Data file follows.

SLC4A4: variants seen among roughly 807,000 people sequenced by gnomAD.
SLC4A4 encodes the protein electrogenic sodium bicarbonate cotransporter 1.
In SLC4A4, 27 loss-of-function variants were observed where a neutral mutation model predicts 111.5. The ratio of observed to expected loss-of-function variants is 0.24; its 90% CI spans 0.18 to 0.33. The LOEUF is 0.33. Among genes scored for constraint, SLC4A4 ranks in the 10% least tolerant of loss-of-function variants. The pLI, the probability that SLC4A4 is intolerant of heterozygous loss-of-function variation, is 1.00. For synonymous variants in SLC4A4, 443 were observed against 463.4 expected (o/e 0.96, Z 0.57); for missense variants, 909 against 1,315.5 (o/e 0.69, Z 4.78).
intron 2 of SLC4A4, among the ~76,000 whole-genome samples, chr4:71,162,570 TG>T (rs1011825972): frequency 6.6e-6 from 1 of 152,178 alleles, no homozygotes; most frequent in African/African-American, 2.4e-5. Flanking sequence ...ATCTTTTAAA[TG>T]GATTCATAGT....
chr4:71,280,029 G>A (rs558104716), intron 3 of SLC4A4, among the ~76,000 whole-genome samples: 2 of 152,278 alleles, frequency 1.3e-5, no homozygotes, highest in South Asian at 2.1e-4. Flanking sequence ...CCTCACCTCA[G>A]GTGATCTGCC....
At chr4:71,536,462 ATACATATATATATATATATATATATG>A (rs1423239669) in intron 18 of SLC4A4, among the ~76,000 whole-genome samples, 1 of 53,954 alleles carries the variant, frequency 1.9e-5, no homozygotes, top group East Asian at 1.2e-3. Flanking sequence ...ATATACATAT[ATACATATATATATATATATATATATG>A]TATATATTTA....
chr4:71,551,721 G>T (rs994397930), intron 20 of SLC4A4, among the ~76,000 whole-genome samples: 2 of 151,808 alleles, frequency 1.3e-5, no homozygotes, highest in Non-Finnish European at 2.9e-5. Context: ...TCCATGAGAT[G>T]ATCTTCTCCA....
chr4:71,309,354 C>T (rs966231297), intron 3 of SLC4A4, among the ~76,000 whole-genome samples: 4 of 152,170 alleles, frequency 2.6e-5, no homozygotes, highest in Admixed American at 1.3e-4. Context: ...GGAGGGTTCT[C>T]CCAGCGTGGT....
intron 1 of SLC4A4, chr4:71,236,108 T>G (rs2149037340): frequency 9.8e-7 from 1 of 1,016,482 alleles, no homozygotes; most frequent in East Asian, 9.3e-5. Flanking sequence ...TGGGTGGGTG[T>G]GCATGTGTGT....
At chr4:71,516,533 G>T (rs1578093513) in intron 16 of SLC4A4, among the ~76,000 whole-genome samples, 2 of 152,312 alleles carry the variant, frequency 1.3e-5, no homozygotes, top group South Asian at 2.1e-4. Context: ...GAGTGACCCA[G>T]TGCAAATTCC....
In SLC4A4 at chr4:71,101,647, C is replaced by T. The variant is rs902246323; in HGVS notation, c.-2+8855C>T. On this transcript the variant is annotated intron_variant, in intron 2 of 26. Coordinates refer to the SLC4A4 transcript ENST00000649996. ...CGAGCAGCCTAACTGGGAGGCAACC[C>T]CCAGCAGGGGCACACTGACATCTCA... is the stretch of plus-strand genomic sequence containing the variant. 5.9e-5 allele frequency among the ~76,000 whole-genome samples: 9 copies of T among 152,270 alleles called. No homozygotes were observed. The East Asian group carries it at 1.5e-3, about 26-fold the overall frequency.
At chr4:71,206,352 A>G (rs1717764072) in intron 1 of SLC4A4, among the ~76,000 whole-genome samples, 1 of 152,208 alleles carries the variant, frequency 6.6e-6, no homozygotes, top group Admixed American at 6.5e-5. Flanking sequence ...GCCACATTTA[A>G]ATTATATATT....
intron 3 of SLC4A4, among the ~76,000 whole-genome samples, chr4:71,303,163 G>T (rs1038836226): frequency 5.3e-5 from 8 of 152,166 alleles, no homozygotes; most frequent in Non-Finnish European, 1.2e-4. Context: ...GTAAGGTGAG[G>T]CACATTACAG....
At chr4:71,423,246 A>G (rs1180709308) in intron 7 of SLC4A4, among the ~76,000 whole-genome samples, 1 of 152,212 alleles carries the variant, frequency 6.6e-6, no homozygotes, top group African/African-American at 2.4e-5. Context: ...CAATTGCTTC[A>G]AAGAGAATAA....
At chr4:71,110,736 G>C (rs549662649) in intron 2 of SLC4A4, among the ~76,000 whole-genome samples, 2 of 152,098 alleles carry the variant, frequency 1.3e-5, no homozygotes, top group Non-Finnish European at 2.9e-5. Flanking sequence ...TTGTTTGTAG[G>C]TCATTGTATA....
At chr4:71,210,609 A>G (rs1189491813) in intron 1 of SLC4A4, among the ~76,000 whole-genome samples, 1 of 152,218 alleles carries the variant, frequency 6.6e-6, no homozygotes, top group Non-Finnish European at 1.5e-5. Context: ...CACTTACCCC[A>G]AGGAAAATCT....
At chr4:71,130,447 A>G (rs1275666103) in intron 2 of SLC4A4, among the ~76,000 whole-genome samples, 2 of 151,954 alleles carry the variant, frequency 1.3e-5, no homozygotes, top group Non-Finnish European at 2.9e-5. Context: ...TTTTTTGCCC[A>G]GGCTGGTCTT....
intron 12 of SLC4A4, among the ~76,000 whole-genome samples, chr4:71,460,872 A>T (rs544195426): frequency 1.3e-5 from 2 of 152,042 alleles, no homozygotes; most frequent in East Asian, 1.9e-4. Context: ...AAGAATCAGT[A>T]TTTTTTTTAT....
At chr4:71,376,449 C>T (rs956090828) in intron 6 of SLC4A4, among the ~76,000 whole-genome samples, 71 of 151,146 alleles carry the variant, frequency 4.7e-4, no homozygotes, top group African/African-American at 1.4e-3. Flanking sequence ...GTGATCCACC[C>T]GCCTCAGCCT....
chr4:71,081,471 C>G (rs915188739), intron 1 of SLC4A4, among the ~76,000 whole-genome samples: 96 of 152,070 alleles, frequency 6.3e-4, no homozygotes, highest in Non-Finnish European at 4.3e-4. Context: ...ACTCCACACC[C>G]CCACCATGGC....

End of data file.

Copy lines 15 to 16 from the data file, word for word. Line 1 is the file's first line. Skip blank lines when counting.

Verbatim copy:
At chr4:71,110,736 G>C (rs549662649) in intron 2 of SLC4A4, among the ~76,000 whole-genome samples, 2 of 152,098 alleles carry the variant, frequency 1.3e-5, no homozygotes, top group Non-Finnish European at 2.9e-5. Flanking sequence ...TTGTTTGTAG[G>C]TCATTGTATA....
At chr4:71,210,609 A>G (rs1189491813) in intron 1 of SLC4A4, among the ~76,000 whole-genome samples, 1 of 152,218 alleles carries the variant, frequency 6.6e-6, no homozygotes, top group Non-Finnish European at 1.5e-5. Context: ...CACTTACCCC[A>G]AGGAAAATCT....